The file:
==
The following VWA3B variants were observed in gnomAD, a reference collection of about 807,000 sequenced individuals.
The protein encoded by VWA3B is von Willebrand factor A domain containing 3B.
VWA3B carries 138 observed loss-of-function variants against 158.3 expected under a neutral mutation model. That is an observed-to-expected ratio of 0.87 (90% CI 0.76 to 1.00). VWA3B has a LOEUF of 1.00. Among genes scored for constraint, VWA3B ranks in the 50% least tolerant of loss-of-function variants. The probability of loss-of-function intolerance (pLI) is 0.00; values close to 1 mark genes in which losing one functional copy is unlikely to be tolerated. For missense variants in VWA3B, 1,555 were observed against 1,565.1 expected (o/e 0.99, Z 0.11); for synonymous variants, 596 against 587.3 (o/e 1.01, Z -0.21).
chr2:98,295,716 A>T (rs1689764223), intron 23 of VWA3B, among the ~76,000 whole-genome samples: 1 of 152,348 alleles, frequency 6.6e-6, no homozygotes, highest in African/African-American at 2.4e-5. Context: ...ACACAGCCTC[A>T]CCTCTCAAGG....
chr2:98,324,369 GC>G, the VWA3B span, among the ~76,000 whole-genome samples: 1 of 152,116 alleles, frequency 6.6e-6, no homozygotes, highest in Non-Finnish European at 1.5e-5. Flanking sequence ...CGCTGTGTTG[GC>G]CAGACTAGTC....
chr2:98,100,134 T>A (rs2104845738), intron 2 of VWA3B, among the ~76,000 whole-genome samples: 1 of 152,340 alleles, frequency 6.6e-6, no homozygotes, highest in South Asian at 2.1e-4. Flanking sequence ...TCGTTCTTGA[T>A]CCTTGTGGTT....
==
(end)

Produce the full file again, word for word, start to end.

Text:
The following VWA3B variants were observed in gnomAD, a reference collection of about 807,000 sequenced individuals.
The protein encoded by VWA3B is von Willebrand factor A domain containing 3B.
VWA3B carries 138 observed loss-of-function variants against 158.3 expected under a neutral mutation model. That is an observed-to-expected ratio of 0.87 (90% CI 0.76 to 1.00). VWA3B has a LOEUF of 1.00. Among genes scored for constraint, VWA3B ranks in the 50% least tolerant of loss-of-function variants. The probability of loss-of-function intolerance (pLI) is 0.00; values close to 1 mark genes in which losing one functional copy is unlikely to be tolerated. For missense variants in VWA3B, 1,555 were observed against 1,565.1 expected (o/e 0.99, Z 0.11); for synonymous variants, 596 against 587.3 (o/e 1.01, Z -0.21).
chr2:98,295,716 A>T (rs1689764223), intron 23 of VWA3B, among the ~76,000 whole-genome samples: 1 of 152,348 alleles, frequency 6.6e-6, no homozygotes, highest in African/African-American at 2.4e-5. Context: ...ACACAGCCTC[A>T]CCTCTCAAGG....
chr2:98,324,369 GC>G, the VWA3B span, among the ~76,000 whole-genome samples: 1 of 152,116 alleles, frequency 6.6e-6, no homozygotes, highest in Non-Finnish European at 1.5e-5. Flanking sequence ...CGCTGTGTTG[GC>G]CAGACTAGTC....
chr2:98,100,134 T>A (rs2104845738), intron 2 of VWA3B, among the ~76,000 whole-genome samples: 1 of 152,340 alleles, frequency 6.6e-6, no homozygotes, highest in South Asian at 2.1e-4. Flanking sequence ...TCGTTCTTGA[T>A]CCTTGTGGTT....